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The tech industry has taken a hit this summer, and major companies like Snapchat and Netflix have not been immune to disappointing earnings reports and mass layoffs.

It seems like no tech company is safe, not even Google.

On Tuesday, Google CEO Sundar Pichai spoke ambiguously about plans to increase efficiency at the company during the tech Code Conference in Los Angeles.

“The more we try to understand the macroeconomic, we feel very uncertain about it,” the CEO told moderator Kara Swisher. “The macroeconomic performance is correlated to ad spend, consumer spend, and so on.”

Pichai cited a noticeable slowdown in productivity after mass headcount increases.

Alphabet, Google’s parent company, increased its total number of employees by an estimated 15.67% from 2020 to 2021, with an impressive 6,500 employees hired in Q4 of 2021 alone.

“We want to make sure as a company when you have fewer resources than before, you are prioritizing all the right things to be working on and your employees are really productive that they can actually have impact on the things they’re working on so that’s what we are spending our time on,” Pichai said.

The CEO noted the benefits of having a lower headcount at a larger company.

“Sometimes there are areas to make progress [where] you have three people making decisions, understanding that and bringing it down to two or one improves efficiency by 20%,” he said.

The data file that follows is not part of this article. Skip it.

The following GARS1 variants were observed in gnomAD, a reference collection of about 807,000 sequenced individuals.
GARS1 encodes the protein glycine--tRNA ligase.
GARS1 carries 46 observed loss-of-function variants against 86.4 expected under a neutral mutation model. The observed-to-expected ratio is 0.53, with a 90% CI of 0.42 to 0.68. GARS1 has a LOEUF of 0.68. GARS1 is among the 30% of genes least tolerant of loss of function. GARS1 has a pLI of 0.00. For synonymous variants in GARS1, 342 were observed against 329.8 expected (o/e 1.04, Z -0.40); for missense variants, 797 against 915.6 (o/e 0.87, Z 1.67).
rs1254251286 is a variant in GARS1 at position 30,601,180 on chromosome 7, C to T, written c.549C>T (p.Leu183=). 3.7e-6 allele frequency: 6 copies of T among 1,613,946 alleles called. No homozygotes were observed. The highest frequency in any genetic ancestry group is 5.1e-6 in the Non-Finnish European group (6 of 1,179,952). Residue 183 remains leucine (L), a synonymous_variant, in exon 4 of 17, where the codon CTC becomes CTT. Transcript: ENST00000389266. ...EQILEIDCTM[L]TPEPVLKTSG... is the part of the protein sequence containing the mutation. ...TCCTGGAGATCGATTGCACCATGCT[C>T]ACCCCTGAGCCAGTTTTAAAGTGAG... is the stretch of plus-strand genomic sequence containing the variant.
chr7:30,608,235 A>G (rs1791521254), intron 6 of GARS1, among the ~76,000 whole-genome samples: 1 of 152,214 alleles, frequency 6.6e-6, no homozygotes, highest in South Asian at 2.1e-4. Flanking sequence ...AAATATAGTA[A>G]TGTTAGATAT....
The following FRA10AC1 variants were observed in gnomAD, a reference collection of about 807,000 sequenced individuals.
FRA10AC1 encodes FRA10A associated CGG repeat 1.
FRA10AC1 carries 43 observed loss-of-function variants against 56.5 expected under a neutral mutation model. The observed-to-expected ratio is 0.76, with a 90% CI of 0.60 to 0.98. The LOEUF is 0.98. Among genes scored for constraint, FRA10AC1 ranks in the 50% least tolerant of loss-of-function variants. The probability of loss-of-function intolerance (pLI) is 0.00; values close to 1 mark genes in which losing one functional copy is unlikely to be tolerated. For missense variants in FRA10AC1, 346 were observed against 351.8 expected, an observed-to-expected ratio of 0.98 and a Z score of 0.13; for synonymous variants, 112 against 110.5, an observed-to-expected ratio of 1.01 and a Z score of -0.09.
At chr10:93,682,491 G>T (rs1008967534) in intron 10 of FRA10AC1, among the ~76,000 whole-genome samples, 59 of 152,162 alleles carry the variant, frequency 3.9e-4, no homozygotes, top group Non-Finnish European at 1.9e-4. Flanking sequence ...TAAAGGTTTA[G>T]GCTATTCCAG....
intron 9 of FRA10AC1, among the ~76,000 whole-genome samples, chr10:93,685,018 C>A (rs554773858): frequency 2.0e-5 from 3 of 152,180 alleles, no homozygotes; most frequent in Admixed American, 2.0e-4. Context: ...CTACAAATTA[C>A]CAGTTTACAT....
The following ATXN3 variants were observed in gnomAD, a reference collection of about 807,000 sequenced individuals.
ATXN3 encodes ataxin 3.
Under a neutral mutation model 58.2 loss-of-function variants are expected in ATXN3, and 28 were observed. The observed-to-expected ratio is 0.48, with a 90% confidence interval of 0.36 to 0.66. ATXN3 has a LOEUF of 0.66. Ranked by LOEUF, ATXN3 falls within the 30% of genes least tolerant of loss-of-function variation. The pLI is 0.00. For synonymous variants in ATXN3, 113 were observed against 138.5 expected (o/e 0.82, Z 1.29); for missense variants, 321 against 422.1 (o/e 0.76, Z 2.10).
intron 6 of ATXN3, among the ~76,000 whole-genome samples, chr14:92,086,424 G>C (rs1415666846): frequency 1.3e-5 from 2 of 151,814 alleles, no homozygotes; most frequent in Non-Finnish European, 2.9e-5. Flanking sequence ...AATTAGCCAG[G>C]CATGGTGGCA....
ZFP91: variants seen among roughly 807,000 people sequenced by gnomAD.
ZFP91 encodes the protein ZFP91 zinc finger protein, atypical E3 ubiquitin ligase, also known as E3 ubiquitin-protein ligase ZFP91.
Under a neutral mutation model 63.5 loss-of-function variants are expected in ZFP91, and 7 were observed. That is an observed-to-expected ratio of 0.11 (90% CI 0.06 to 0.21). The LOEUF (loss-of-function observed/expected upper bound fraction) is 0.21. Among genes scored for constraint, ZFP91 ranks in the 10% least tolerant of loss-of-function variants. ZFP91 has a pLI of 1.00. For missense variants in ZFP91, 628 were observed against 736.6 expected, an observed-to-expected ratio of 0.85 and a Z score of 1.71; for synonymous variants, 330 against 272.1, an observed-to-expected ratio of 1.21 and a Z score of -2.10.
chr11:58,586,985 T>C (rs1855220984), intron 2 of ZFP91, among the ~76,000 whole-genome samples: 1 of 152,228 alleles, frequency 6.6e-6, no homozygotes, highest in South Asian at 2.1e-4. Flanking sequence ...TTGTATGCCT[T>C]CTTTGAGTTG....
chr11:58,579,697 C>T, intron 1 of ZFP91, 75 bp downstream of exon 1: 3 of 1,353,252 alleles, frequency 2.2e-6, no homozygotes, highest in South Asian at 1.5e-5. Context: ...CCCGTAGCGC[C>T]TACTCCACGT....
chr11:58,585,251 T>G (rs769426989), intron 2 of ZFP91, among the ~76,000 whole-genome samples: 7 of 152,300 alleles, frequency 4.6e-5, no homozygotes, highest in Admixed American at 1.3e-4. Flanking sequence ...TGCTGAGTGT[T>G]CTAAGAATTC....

This is not the first time Pichai has hinted toward “uncertainty” for the company in recent months.

In July, the CEO sent an internal memo to employees announcing that the company would be slowing down hiring into 2023 and urging current employees to work with “greater urgency, sharper focus, and more hunger.”

Pichai then rolled out the ‘Simplicity Sprint’ internally, an initiative where Google employees were surveyed on three questions about working on the company through the middle of last month in hopes that executives from the company would be able to take some employee suggestions and turn them into policy.

The company reported relatively weak earnings in Q2 of 2022, with revenue slowing to a 13% increase versus 62% from the year prior.

As of Wednesday afternoon, Alphabet was down just over 25% in a one-year period.


All rights reserved Jenson Knight.